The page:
The Rule of Nine: Learning to Willingly Fail



To succeed you must fail.


I don’t know about you, but I really don’t want to fail. Actually, I’m going to go out on a limb and guess you really don’t want to fail either. 

I don’t want things to be hard. I don’t want writing to be hard. I want to sit at my laptop and let magical brilliance flow from my fingers to the keys and fill the screen with breathtaking magnificence. 

Instead, it’s a whole lot of work. And sometimes there are problems. And sometimes I feel like I’m failing royally. 

When I come to a problem with my plot, a character, or the whole stinkin’ book, I want to come up with a solution. Right away. Or, better yet, 10 minutes ago. I want my brain to instantly supply the perfect solution. Or I want to go for a drive, talk to myself a bit, and then have it all work out in a nice, tidy manner.

But it’s more like this:

Positive me: We have a problem. But it’s okay. We just need to think it through. We can fix this.

My unhelpful internal editor: You suck.

Me: No, I can do this. I’m going to come up with the perfect idea.

My snarky internal editor: Not something lame again, right?

Me: No, of course not. (insert nervous laughter) This is going to be a stellar idea. Yep. Any minute now….crash! It’s going to come to me.

My overly dramatic internal editor : The book is ruined.

Me: Hold on. What about this? No. That won’t work. Or this? Nah, it’d mess up that other story line. Maybe this?

My just plain rude internal editor: I thought you said you weren’t going to try another lame idea?

Me: You’re right. I suck. Maybe we should spray paint something. Let’s go look at Pinterest…

Hmmm. So, that’s probably not the best way to fix anything. Although, I do have many lovely spray painted items. (I’ve also given loads of spray painted junk to the thrift store)

Recently, I learned a better way to come up with ideas from the book, The Comic Toolbox by John Vorhaus. It’s called the rule of nine. The idea is simple. For every ten ideas you come up with, nine are going to be utterly rotten. And once you come to terms with this it frees you up. Go ahead, jot down ten possible solutions. Sure nine of them are going to compete with the stink in the back of your fridge. But who cares? You already knew they weren’t likely to work.

Vorhaus says, “Depressing? Not really. In fact, the rule of nine turns out to be highly liberating because once you embrace it, you instantly and permanently lose the toxic expectation of succeeding every time. It’s that expectation and the consequent fear of failure that give your ferocious editor power over you. Remove the expectation and you remove the power.”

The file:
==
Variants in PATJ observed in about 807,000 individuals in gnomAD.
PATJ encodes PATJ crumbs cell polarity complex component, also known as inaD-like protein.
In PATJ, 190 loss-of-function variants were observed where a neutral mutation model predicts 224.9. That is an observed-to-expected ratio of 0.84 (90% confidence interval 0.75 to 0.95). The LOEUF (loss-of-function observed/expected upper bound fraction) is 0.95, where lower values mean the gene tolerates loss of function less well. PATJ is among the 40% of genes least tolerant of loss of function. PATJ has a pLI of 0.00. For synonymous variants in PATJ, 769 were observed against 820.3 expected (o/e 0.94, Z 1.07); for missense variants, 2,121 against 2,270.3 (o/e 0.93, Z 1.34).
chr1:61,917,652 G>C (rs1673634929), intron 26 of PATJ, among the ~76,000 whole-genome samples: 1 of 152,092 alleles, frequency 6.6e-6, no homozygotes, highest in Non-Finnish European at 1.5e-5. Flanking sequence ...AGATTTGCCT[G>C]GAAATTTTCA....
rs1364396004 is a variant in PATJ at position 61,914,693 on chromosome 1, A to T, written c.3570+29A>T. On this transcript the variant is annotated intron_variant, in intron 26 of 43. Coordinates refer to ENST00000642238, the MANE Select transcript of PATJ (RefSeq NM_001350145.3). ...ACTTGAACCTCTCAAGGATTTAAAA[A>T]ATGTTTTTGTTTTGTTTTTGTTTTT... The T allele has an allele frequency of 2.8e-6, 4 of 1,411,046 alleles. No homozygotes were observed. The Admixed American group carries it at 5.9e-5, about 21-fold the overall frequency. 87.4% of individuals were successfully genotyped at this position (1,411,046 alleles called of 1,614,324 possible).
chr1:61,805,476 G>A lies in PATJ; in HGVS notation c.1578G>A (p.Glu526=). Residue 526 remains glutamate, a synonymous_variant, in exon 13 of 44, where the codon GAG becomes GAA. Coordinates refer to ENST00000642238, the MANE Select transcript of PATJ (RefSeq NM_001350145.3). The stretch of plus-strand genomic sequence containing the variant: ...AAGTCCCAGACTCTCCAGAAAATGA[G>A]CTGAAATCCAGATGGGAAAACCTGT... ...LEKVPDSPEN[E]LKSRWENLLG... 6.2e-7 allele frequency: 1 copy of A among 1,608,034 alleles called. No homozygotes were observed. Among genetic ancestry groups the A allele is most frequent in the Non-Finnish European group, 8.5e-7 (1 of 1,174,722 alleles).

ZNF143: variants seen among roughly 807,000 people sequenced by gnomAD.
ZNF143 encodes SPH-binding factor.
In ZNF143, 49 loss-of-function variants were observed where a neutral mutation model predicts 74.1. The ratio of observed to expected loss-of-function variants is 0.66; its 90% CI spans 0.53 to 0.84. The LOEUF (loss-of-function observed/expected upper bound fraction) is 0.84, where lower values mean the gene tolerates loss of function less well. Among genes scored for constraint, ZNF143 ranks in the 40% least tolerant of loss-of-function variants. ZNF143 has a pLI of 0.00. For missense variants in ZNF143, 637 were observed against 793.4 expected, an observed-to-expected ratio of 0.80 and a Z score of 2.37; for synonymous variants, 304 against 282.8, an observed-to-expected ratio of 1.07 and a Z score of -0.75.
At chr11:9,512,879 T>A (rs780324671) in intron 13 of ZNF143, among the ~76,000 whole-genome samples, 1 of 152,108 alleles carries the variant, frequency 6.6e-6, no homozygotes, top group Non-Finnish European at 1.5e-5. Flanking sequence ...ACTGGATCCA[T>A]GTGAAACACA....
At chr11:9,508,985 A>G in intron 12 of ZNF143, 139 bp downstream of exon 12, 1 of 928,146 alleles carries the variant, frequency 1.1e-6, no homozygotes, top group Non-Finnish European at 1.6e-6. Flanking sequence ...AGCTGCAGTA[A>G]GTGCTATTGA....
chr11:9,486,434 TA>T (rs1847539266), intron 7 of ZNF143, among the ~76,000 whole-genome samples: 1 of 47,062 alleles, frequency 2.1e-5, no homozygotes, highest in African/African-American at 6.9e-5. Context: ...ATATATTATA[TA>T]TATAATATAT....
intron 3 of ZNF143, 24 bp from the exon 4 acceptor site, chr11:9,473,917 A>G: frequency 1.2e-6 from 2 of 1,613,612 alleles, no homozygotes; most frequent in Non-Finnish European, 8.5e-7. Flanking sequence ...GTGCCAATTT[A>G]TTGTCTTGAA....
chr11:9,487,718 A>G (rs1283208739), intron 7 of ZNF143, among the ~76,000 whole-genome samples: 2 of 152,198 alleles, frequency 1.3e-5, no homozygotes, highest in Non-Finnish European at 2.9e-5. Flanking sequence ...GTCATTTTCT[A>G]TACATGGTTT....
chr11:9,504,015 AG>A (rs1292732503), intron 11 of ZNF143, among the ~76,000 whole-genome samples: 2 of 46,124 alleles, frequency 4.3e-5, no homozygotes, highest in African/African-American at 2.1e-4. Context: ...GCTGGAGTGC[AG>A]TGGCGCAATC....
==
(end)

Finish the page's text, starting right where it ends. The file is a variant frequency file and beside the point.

I recently hit a rather large snag in my WIP. You could even say that I fell into a massive pit of deep, dark despair. I walked around metaphorically banging my head on every flat surface, trying to come up with the perfect idea, for days and days. For some reason, this didn’t work very well.

Then I tried the rule of nine.

I entertained every possible solution to this problem and jotted it down. I didn’t let my internal editor say a word. (Okay. She probably mumbled things here and there about me being a lamebucket, but I ignored her.)

I was ready to try anything. And as I let myself think beyond that dratted box we all end up in from time to time, I began coming up with more and more ideas. But I didn’t love, LOVE any of them. 

So, I kept going. I filled pages and pages with ideas. Way more than ten. And way more than nine failed. But then…I found it. I found the one! I’m excited again. And now I can get back to writing. 

If I’d continued letting that miserable, killjoy internal editor call all the shots, if I’d continued fearing I was going to fail and simply sat still, not taking any chances I’d still be moping around the house like some whiny girl who can’t choose between a hunky werewolf and a sparkly vampire.

What tricks do you use to give that pesky internal editor the shaft? 


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Erin Shakespear writes middle grade fantasy full of quirky creatures, magic, and strange adventures. With six kids, her days are also full of quirky creatures, magic, strange adventures, and…loads of diapers. She also likes to dabble at photography, sewing, and pretending she’s a grand artist. 

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